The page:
1991, December 17, Customers' funds in Vnesheconombank's accounts frozen Financial untied credits were exclusively used to repay foreign debt. As there were not enough funds to import essential goods, the USSR Government decided to use funds in Vnesheconombank's accounts. By the time when the Soviet Union broke up the funds in the said accounts were all but used up.
1991, December, Consultations with the London Club on foreign debt to world's commercial banks started
1992, January 04, Agreement on deferring payments on Soviet-era debt On the basis of the memorandum of understanding signed by creditor countries and successor states to the USSR, the agreement on deferring principal payments on the foreign debt maturing in 1992 was signed. The agreement was doomed to failure - its signatories, apart from Russia, lacked political will. In autumn 1992, CIS states authorized Russia to hold talks with western creditors. Vnesheconombank took active part in the talks.
1992, January 13, Servicing Soviet-era foreign debt The Resolution by the Presidium of the Supreme Soviet of the USSR authorized Vnesheconombank to participate in servicing Soviet-era debt.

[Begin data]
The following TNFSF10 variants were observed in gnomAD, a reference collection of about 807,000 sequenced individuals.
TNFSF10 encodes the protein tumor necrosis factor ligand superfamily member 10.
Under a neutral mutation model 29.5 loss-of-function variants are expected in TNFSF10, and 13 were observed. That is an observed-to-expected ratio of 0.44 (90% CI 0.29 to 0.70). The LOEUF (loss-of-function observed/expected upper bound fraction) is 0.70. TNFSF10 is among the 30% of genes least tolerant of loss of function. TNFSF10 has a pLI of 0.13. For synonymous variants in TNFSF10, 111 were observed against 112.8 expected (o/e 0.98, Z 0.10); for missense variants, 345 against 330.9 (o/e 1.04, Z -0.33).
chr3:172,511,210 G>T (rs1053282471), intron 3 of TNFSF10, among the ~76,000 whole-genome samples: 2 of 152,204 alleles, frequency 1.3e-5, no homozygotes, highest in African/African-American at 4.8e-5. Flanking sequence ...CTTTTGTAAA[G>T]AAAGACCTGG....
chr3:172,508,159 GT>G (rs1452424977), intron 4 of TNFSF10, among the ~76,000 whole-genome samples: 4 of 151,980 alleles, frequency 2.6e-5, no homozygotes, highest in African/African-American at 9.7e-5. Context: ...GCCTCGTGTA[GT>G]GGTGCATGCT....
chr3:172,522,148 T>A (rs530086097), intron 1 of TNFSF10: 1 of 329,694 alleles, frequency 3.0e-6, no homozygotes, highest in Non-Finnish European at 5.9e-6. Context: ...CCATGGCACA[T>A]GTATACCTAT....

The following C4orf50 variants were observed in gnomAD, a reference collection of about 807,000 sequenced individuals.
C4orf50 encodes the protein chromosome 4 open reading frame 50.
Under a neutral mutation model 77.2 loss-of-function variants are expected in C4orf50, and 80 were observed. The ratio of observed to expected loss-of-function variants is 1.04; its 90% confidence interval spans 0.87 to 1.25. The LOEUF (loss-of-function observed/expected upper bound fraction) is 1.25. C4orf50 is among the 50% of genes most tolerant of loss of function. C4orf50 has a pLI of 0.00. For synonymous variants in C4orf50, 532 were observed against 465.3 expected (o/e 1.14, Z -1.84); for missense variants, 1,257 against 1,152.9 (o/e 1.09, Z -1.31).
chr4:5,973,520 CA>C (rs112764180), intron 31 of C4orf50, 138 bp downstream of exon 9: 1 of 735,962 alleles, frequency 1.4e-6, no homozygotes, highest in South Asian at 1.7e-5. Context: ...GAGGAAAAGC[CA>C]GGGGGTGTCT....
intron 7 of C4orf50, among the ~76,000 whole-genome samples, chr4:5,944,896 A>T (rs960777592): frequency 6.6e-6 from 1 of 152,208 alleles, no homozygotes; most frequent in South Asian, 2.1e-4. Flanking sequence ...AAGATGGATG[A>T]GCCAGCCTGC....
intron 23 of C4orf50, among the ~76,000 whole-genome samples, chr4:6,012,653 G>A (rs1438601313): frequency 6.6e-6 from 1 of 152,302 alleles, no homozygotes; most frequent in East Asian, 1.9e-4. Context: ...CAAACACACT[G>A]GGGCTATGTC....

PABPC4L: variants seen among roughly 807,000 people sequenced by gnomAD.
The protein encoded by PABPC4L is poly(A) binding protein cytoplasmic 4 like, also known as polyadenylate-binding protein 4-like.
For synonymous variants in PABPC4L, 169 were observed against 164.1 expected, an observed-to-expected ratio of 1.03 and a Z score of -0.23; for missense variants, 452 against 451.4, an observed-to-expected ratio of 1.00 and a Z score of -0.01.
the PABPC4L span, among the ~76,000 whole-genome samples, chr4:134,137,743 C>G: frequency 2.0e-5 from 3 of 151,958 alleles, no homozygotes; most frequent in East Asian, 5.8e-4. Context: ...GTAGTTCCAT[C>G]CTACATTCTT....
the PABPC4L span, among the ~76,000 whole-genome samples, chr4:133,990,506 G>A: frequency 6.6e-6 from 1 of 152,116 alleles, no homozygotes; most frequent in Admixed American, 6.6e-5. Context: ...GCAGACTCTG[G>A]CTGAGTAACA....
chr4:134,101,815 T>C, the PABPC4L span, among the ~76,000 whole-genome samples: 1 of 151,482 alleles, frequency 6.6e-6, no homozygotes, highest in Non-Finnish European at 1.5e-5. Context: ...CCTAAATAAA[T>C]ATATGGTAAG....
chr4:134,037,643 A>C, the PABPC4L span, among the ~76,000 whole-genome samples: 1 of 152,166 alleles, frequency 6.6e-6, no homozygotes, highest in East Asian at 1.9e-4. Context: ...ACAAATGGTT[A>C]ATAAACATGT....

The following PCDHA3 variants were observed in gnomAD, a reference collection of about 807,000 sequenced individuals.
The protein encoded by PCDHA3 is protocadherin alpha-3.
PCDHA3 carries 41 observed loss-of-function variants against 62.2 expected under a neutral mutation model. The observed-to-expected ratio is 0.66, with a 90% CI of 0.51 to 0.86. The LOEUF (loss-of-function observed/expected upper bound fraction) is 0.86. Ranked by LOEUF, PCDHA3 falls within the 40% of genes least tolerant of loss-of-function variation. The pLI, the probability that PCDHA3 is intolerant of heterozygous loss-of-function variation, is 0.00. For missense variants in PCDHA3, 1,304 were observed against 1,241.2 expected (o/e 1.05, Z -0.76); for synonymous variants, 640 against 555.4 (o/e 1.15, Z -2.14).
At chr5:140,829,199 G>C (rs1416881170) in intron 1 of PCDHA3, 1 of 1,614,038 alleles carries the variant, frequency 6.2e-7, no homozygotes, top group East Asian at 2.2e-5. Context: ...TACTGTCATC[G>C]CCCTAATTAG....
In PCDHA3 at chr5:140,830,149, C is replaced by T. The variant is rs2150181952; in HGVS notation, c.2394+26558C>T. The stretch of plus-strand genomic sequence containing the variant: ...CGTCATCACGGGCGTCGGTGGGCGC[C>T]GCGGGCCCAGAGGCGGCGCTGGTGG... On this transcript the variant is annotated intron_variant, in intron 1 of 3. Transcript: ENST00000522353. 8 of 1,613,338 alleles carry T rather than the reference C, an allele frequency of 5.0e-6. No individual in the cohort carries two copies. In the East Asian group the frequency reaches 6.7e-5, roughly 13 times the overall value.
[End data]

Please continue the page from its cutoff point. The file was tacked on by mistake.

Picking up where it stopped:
1993, April 02, First agreement on restructuring Soviet-era debt with Paris Club Countries Russia assumed full responsibility for repaying Soviet-era debt and fulfilling any obligations which might arise in connection with it. The agreement provided for restructuring all debt payments coming due in late 1991 and up to 1993 inclusive.
1995, Memorandum on Soviet-era debt restructuring principles The RF Government and members of the Paris Club Banking Consultative Committee signed in Frankfort on the Main the memorandum on coordinated principles of restructuring Soviet-era debt worth 31 billion dollars (principle amount - 22 billion dollars and interest - 9.0 billion dollars). Agreements on restructuring debt payments on an annual basis were also made in 1994-1995.